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2013–2017

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January 2017

Cracking the many mysteries of HER2 GEA

January 2017—Only a sadist would want to see gastroesophageal adenocarcinoma become as common as breast cancer. GEA wreaks enough destruction already as the fifth (stomach) and eighth (esophageal) most common cancers worldwide.

In new era, cannabis testing a mixed bag

January 2017—Extended cruises down the rivers of Europe and life without alarm clocks might figure in a vision of retirement for some people, but don’t include toxicology expert Marilyn A. Huestis, PhD, in that contingent, at least for now.

Buzz, prospects build for heparin-induced thrombocytopenia test

January 2017—U.S. physicians and laboratories are anticipating the early 2017 launch of the HemosIL HIT-Ab(PF4-H) assay, which detects antibodies associated with heparin-induced thrombocytopenia. The new test from Instrumentation Laboratory, Bedford, Mass., is the first fully automated, on-demand assay for HIT.

‘Brave’ new book—AP quality management for everyone

January 2017—What does it take to produce and edit the first book on AP quality management that the CAP has published in more than a decade? A diverse network of experts, a commitment to comprehensive quality assurance, and, says co-editor Qihui “Jim” Zhai, MD, a bit of bravery.

From the President’s Desk: The constancy of uncertainty, 1/17

January 2017—In February 2002, with Americans still reeling from the Sept. 11 attacks, many were preoccupied with rumors suggesting that the Iraqi dictator had acquired weapons of mass destruction and intended to supply them to terrorists.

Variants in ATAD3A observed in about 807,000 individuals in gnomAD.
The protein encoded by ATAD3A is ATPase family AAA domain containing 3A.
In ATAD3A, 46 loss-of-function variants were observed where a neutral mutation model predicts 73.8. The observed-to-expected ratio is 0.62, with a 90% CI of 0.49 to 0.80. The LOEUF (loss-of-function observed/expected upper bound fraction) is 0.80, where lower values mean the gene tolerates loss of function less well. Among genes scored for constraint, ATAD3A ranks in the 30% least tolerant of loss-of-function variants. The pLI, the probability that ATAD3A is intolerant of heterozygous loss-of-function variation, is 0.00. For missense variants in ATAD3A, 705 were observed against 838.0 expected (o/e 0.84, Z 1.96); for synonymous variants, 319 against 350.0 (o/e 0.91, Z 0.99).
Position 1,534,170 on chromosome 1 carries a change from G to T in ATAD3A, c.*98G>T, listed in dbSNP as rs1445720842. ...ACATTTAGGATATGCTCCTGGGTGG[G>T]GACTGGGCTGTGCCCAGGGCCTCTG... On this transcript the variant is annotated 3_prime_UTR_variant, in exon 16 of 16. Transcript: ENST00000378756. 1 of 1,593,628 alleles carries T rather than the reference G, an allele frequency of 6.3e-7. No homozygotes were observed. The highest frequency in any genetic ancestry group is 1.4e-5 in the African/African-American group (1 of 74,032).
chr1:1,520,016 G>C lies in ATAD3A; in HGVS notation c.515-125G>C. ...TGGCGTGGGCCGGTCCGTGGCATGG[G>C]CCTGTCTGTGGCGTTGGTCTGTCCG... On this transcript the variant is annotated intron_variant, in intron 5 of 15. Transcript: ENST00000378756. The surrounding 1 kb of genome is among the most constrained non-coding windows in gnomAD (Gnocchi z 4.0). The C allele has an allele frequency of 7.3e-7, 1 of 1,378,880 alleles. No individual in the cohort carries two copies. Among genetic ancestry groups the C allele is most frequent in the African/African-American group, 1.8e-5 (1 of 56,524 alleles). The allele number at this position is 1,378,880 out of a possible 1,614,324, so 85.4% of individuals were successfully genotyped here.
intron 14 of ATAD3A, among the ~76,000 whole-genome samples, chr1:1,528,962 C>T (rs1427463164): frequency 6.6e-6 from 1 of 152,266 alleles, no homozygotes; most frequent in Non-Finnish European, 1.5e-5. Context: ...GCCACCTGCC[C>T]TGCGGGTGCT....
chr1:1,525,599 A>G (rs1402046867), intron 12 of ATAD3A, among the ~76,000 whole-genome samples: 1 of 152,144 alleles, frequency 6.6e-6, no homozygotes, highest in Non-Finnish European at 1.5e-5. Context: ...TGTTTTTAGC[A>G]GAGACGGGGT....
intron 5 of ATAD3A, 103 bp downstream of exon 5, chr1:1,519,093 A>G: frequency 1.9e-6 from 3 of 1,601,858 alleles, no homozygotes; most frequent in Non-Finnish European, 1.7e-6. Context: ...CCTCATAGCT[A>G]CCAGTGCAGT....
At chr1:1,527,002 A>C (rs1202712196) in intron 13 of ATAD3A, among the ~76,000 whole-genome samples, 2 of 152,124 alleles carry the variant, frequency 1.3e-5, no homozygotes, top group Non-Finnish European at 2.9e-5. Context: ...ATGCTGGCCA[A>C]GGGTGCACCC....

With metagenomic sequencing, no pathogen can hide

January 2017—Detecting pathogenic organisms with PCR has become a staple of the clinical microbiology laboratory, so much so that it seems like it has always been there. A more advanced molecular technique—unbiased metagenomic next-generation sequencing—will increasingly become a part of infectious disease diagnosis because it has several advantages over PCR. While it will be demanding to perform at first, it, too, may become a standard method in the clinical microbiology laboratory.

Cytopathology In Focus: The significance of NIFTP for thyroid cytology

January 2017—A recent landmark study performed under the auspices of the Endocrine Pathology Society has proposed a new diagnostic entity in the thyroid: noninvasive follicular thyroid neoplasm with papillary-like nuclear features, or NIFTP.

Cytopathology In Focus: NIFTP’s impact on FNA malignancy risk

January 2017— What’s in a name? As announced in JAMA Oncology in April 2016, tumors previously classified as follicular variant of papillary thyroid carcinoma and found to have no invasion on adequate sampling of the tumor capsule have been given a new name: noninvasive follicular thyroid neoplasm with papillary-like nuclear features, or NIFTP.

Cytopathology In Focus: CAP meets MOC with à la carte modules online

January 2017—It’s the end of the year, say, and you are just a few self-assessment modules, or SAMs, short of the required 20 in your area of expertise—anatomic pathology. You have to meet the requirements for the American Board of Pathology’s Maintenance of Certification and time-limited cytopathology and AP/CP certificates for each two-year reporting cycle. What to do?

Cytopathology In Focus: The dysfunctional relationship between labs and their IT

January 2017—Complaints about laboratory information technology services are nearly universal. Rare is the person who is happy with his or her laboratory information system or with the way information services are delivered.

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